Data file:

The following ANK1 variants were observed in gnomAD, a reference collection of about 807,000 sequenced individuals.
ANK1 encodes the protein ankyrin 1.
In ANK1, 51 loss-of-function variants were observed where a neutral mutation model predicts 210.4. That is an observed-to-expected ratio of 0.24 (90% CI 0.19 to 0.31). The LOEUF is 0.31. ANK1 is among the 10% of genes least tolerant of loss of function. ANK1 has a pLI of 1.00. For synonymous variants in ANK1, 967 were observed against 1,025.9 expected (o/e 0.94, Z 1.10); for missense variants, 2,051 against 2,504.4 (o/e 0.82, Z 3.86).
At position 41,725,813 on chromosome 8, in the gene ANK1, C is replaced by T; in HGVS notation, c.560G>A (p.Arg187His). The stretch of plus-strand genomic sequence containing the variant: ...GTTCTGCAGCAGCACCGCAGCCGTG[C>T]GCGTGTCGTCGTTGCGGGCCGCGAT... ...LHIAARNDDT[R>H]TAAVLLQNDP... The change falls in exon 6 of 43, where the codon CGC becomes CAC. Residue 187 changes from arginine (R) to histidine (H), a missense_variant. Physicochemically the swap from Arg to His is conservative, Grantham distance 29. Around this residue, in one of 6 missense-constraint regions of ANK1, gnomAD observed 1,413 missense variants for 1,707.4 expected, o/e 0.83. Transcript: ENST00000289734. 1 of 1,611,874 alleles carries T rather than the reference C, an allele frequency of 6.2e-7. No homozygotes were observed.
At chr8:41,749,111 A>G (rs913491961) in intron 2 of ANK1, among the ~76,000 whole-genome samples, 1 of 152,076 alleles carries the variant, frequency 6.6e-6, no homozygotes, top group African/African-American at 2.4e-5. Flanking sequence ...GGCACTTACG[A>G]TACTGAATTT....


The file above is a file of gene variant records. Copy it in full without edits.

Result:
The following ANK1 variants were observed in gnomAD, a reference collection of about 807,000 sequenced individuals.
ANK1 encodes the protein ankyrin 1.
In ANK1, 51 loss-of-function variants were observed where a neutral mutation model predicts 210.4. That is an observed-to-expected ratio of 0.24 (90% CI 0.19 to 0.31). The LOEUF is 0.31. ANK1 is among the 10% of genes least tolerant of loss of function. ANK1 has a pLI of 1.00. For synonymous variants in ANK1, 967 were observed against 1,025.9 expected (o/e 0.94, Z 1.10); for missense variants, 2,051 against 2,504.4 (o/e 0.82, Z 3.86).
At position 41,725,813 on chromosome 8, in the gene ANK1, C is replaced by T; in HGVS notation, c.560G>A (p.Arg187His). The stretch of plus-strand genomic sequence containing the variant: ...GTTCTGCAGCAGCACCGCAGCCGTG[C>T]GCGTGTCGTCGTTGCGGGCCGCGAT... ...LHIAARNDDT[R>H]TAAVLLQNDP... The change falls in exon 6 of 43, where the codon CGC becomes CAC. Residue 187 changes from arginine (R) to histidine (H), a missense_variant. Physicochemically the swap from Arg to His is conservative, Grantham distance 29. Around this residue, in one of 6 missense-constraint regions of ANK1, gnomAD observed 1,413 missense variants for 1,707.4 expected, o/e 0.83. Transcript: ENST00000289734. 1 of 1,611,874 alleles carries T rather than the reference C, an allele frequency of 6.2e-7. No homozygotes were observed.
At chr8:41,749,111 A>G (rs913491961) in intron 2 of ANK1, among the ~76,000 whole-genome samples, 1 of 152,076 alleles carries the variant, frequency 6.6e-6, no homozygotes, top group African/African-American at 2.4e-5. Flanking sequence ...GGCACTTACG[A>G]TACTGAATTT....